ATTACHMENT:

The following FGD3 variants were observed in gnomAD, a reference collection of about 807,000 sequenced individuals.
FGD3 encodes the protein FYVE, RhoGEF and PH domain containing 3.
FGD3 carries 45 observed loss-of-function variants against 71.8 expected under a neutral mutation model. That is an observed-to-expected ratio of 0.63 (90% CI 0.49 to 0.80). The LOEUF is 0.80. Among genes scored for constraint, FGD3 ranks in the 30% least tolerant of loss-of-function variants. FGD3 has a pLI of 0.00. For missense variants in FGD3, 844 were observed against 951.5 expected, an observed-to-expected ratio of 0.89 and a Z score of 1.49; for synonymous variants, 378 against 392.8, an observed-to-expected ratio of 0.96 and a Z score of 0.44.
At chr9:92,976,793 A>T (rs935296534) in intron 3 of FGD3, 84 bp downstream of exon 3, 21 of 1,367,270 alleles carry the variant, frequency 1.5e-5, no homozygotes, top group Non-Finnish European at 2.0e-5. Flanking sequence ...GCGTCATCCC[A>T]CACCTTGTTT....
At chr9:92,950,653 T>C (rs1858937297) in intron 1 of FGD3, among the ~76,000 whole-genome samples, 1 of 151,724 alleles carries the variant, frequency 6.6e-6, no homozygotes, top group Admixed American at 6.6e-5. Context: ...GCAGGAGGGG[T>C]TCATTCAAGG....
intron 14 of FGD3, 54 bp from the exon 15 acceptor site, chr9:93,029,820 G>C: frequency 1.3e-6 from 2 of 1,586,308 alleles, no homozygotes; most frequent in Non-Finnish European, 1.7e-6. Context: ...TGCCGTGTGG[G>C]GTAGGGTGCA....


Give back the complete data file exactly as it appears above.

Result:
The following FGD3 variants were observed in gnomAD, a reference collection of about 807,000 sequenced individuals.
FGD3 encodes the protein FYVE, RhoGEF and PH domain containing 3.
FGD3 carries 45 observed loss-of-function variants against 71.8 expected under a neutral mutation model. That is an observed-to-expected ratio of 0.63 (90% CI 0.49 to 0.80). The LOEUF is 0.80. Among genes scored for constraint, FGD3 ranks in the 30% least tolerant of loss-of-function variants. FGD3 has a pLI of 0.00. For missense variants in FGD3, 844 were observed against 951.5 expected, an observed-to-expected ratio of 0.89 and a Z score of 1.49; for synonymous variants, 378 against 392.8, an observed-to-expected ratio of 0.96 and a Z score of 0.44.
At chr9:92,976,793 A>T (rs935296534) in intron 3 of FGD3, 84 bp downstream of exon 3, 21 of 1,367,270 alleles carry the variant, frequency 1.5e-5, no homozygotes, top group Non-Finnish European at 2.0e-5. Flanking sequence ...GCGTCATCCC[A>T]CACCTTGTTT....
At chr9:92,950,653 T>C (rs1858937297) in intron 1 of FGD3, among the ~76,000 whole-genome samples, 1 of 151,724 alleles carries the variant, frequency 6.6e-6, no homozygotes, top group Admixed American at 6.6e-5. Context: ...GCAGGAGGGG[T>C]TCATTCAAGG....
intron 14 of FGD3, 54 bp from the exon 15 acceptor site, chr9:93,029,820 G>C: frequency 1.3e-6 from 2 of 1,586,308 alleles, no homozygotes; most frequent in Non-Finnish European, 1.7e-6. Context: ...TGCCGTGTGG[G>C]GTAGGGTGCA....